Protesters sit and chant against Judge Brett Kavanaugh as Capitol Hill Police officers make arrests outside the office of Sen. Susan Collins, R-Maine, on Capitol Hill, Monday, Sept. 24, 2018 in Washington. (AP Photo/Alex Brandon)

BRUNSWICK —  Two days after Sen. Susan Collins voted to confirm Brett Kavanaugh to the U.S. Supreme Court, Bowdoin resident Nacole Palmer signed up for extra shifts volunteering for local Democratic campaigns.

She’s channeling her anger and energy into “redoubling, retripling” her efforts to get people to the polls in November, she said in a phone interview Tuesday.

Palmer was one of about two dozen Mainers who took an overnight bus to Washington DC last week to urge Collins to vote “no” in the confirmation of Kavanaugh, the conservative judge who faced several accusations of sexual assault or misconduct in the weeks leading up to his confirmation. Collins’ vote was expected to be one of the deciding factors in whether Kavanaugh made it to a lifetime appointment on the court.

“I feel so passionately about this decision,” Palmer said, “I knew I had to do everything I could to get Collins to vote no.” She added that Kavanaugh’s confirmation was going to be “one of the most significant vehicles of change in our culture in my lifetime.”

Jacqueline Sartoris, a district attorney and resident of Brunswick as well as a former town councilor, said she too went to DC with several other attorneys from both the private and public sector to speak with Collins about Kavanaugh. This was before Christine Blasey Ford alleged that Kavanaugh sexually assaulted her when they were both teenagers, but even then, Sartoris said, she expressed that he lacked the basic “respect for the court and rule of law” that befit a Supreme Court Justice.

“It was clear in the discussion that (Collins) was not interested in anything other than a yes,” Sartoris said. “Nothing we said was going to matter.”

Students at Bowdoin College walked out of classes in protest last Thursday, chanting “Kava-no” and “If you believe her vote no,” referencing Blasey Ford. Katherine Henneberger, a junior at Bowdoin, said it showed how “frustrated and exhausted” students are with current political events. However, the protest also served to “motivate people into action,” she said.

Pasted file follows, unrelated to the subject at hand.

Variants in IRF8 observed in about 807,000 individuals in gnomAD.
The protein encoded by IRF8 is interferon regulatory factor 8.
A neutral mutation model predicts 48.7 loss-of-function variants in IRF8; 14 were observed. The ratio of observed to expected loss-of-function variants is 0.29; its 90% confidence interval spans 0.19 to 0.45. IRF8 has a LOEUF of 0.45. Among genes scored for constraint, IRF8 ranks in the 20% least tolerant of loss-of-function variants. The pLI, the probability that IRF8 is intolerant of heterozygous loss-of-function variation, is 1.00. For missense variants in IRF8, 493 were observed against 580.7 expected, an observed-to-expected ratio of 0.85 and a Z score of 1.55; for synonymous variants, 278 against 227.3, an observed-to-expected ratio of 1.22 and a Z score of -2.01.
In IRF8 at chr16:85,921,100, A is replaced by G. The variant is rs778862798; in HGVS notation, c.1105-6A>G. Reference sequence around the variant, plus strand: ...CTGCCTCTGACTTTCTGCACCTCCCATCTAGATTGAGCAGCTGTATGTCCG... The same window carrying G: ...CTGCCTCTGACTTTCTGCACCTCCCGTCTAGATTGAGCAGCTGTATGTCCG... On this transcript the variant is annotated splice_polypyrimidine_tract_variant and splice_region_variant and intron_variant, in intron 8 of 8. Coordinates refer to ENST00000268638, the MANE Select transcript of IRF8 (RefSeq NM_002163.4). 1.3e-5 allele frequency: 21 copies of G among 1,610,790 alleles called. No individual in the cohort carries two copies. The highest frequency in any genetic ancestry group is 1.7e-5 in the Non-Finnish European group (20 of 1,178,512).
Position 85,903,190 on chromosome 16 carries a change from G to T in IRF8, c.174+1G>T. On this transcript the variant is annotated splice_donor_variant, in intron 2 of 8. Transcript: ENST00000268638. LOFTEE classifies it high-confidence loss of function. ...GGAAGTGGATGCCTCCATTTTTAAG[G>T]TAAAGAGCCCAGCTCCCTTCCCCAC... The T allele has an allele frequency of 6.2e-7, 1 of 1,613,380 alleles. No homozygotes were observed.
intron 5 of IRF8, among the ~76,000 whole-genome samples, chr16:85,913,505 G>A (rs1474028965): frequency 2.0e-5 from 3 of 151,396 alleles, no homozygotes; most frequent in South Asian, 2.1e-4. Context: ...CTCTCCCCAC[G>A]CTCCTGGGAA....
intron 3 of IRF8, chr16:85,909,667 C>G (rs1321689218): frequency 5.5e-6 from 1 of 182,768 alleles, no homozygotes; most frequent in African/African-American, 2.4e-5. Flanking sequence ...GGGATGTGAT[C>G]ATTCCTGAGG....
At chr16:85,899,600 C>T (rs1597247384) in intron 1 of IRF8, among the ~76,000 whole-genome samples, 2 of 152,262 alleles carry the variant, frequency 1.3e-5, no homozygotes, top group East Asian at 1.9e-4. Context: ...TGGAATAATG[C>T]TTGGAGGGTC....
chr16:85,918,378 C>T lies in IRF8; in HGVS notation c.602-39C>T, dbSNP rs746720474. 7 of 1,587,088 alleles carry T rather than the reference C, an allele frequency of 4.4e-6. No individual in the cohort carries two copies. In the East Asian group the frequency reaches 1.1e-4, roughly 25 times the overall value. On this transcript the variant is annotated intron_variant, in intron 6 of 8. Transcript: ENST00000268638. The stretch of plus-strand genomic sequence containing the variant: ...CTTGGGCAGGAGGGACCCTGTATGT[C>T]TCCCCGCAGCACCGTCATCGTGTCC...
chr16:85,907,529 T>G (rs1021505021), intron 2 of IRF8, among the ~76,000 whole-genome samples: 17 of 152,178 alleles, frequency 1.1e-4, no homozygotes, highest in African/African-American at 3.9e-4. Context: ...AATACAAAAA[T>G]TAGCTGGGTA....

Kavanaugh was confirmed by the Senate as a Supreme Court Justice on Saturday by a vote of 50-48, and the controversy has energized voters on both the right and the left. A nationwide POLITICO/Morning Consult poll conducted after the Senate’s decision found   77 percent of Democrats indicated they were “very motivated” to vote in the upcoming midterms, verses 68 percent of Republicans who felt the same way.

The same poll found that 46 percent of voters believed the Senate erred in confirming Kavanaugh, while 40 percent agreed with the decision.

For students like Henneberger, Kavanaugh’s confirmation served as yet another reason why it is important to vote in the upcoming midterm elections. While these elections historically have a lower voter turnout than presidential elections, she and her classmates are determined to get as many students as possible to register to vote.

“Students and young people are what will shape the upcoming elections,” she said. “We are shaping the future.”

Palmer is still furious over Saturday’s outcome. “She failed Mainers, she failed women, she failed Americans across the country,” she said of Collins. “It’s time for all people of conscience … who see the bigger picture and the wrongs happening to stand up and say, ‘What can I do?’” For Palmer, the answer is as simple as one word: Vote.

Sartoris, too, is urging people to get to the polls next month.

“For me, this galvanized my sense that we have to be all in with changing what we can change,” she said, adding that since Donald Trump lost the majority vote, and Republicans rule in the legislature, the country is currently under “minority rule.” She is increasing her efforts, going door to door, making phone calls and donating money to races that she would not ordinarily pay attention too.

“It’s an all hands on deck moment,” she said.

[email protected]

Comments are not available on this story.

filed under: